According to studies, only about 10-20% of adults with autism are employed (Born, 2011; Kavilanz, 2016). They difficulties they face interacting with other people, or dealing with sensory sensitivities, can make it difficult to acquire and keep a job. However, the way their minds work can greatly benefit different industries. People with autism can succeed by leveraging their strong perceptive skills, systematic thinking, deep focus, and enthusiasm in gathering and structuring information.
One avenue can harness these qualities and help people with autism develop professional skills to support themselves and contribute to society: coding education.
The need for new coders
As technology advances even faster and we discover new ways to use it every day, code- and programming-related jobs are in high demand around the world. In their 2016 Q4 report, recruitment firm Hays Malaysia notes that our country faces a shortage of software development talent due to the rising popularity of mobile apps and fast expansion of the IT industry. A study from the U.S. Bureau of Labor and Statistics notes that the U.S.A. will have over 1.3 million jobs that require computer science skills by 2022.
Coding education opens paths to jobs related to programming, web development, software development and even app development. It also makes youths with autism more competitive or on-par with their neurotypical peers. By building not just practical knowledge, but also confidence, communication skills and interpersonal skills, it ensures future success for people with autism.
Doing well with code
For the person with autism, coding provides a safe space built on logic and consistency. They can plan and design input to produce an expected output. A coding environment can also provide motivation and support. In a welcoming setting, exploring topics of personal interest, someone with autism can enjoy themselves and perform well at tasks, perhaps in contrast to normal lessons or mainstream education.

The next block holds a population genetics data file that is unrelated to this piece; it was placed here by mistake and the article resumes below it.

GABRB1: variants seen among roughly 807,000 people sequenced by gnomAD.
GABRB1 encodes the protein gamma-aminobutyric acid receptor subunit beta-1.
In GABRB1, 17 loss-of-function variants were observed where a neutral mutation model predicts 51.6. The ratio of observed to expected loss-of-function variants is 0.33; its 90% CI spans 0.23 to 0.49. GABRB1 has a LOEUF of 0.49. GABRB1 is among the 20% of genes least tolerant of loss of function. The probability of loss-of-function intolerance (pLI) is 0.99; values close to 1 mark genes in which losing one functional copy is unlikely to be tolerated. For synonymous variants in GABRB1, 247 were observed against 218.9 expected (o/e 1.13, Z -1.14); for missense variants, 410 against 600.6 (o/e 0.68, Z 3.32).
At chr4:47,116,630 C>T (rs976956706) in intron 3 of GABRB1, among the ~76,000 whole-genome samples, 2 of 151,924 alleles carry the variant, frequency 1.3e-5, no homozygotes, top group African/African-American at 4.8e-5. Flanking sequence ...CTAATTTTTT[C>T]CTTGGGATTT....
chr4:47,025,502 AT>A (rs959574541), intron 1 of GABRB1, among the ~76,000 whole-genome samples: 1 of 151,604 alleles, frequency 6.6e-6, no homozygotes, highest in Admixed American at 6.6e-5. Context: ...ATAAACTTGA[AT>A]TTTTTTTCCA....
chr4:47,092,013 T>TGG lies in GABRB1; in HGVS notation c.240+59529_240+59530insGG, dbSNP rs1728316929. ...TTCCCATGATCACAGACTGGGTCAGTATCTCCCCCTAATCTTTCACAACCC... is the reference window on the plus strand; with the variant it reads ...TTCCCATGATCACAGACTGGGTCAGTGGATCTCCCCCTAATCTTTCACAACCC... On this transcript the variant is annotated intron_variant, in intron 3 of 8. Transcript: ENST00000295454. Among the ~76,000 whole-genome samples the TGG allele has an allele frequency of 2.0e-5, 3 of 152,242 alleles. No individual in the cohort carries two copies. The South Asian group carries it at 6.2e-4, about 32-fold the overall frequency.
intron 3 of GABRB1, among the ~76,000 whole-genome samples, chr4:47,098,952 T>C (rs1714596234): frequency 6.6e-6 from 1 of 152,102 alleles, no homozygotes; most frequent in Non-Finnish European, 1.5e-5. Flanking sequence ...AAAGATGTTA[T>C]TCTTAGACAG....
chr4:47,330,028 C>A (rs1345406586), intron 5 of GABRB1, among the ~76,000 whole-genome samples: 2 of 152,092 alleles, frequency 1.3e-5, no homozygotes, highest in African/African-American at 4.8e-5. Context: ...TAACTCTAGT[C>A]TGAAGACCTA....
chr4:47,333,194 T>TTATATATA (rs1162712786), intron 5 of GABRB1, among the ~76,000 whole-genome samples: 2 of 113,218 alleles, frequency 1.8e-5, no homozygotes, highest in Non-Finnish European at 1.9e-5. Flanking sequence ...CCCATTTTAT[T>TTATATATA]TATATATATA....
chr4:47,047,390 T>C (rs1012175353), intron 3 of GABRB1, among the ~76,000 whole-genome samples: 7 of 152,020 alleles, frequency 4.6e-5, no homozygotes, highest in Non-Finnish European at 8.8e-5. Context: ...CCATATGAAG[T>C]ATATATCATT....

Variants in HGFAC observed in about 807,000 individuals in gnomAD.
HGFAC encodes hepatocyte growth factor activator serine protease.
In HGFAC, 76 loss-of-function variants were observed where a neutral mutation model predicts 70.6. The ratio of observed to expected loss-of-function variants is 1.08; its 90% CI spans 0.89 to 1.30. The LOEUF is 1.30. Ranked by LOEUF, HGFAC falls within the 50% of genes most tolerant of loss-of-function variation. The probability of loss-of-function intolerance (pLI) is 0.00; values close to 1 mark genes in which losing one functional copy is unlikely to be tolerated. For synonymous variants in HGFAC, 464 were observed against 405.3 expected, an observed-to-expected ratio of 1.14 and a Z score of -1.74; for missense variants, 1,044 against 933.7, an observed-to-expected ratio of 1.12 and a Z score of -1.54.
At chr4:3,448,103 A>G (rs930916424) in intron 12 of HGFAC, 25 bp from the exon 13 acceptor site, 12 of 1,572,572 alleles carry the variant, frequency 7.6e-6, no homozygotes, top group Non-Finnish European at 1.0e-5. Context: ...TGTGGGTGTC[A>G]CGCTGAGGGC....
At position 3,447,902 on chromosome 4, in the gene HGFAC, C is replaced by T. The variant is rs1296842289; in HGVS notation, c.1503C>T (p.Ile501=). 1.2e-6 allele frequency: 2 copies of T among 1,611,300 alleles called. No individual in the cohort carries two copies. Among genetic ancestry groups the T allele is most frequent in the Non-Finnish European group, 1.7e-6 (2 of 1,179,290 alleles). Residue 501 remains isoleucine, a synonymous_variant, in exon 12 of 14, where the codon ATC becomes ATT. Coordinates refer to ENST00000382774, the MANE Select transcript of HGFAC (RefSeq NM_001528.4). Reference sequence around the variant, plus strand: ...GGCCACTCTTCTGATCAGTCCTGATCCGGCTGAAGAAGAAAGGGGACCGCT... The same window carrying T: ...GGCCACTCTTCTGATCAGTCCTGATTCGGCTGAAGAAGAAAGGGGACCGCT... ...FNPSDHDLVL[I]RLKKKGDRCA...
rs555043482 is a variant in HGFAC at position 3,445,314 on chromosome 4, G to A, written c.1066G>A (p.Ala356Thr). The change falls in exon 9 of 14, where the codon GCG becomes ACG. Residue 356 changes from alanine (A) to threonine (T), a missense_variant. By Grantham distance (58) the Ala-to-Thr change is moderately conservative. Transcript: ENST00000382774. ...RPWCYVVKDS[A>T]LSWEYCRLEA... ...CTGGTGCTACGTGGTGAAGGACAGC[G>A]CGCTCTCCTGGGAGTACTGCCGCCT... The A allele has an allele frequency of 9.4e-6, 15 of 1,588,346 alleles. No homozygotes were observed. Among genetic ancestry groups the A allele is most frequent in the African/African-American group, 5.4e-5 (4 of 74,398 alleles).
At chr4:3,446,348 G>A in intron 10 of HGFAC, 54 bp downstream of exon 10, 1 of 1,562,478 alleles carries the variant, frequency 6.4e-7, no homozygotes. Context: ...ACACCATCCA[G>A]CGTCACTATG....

Coding education builds skills to help organise and structure thoughts and ideas, and strengthens higher order thinking. It can also help a person with autism become more confident working on a team and socialising with their team members to reach specific goals.
Coding education provides valuable professional and personal skills. It also strengthens clear and logical thinking for daily life. This makes it a viable way for people with autism to gain confidence and independence, and lead productive lives contributing their skills to society.
Services up to Standard
Services standards set by boards such as the CARF (Commission on the Accreditation of Rehabilitation Facilities), present a roadmap to success. They do so by encouraging values that focus on providing people-centric services, with goals unique to every user.
CARF-accredited services create and support self-advocacy, develop community support, and enhance general quality of life for their users.
Where to start
There are a few places or organisations in Malaysia that provide code education for children and teens, such as:
- coding@schools, the government’s introductory coding program for primary school students
Formal coding education for young adults and adults is also available at technology or design universities, including:
- Limkokwing University
- The One Academy
- UITM – Universiti Teknologi MARA
- UTM – Universiti Teknologi Malaysia
Other online resources include:
Further links to read about coding and autism include:
- A New Education: Teaching Coding to Students with Autism
- CodingAutism.com, a U.S. initiative teaching adults with autism coding and programming skills.
- Why every child should learn to code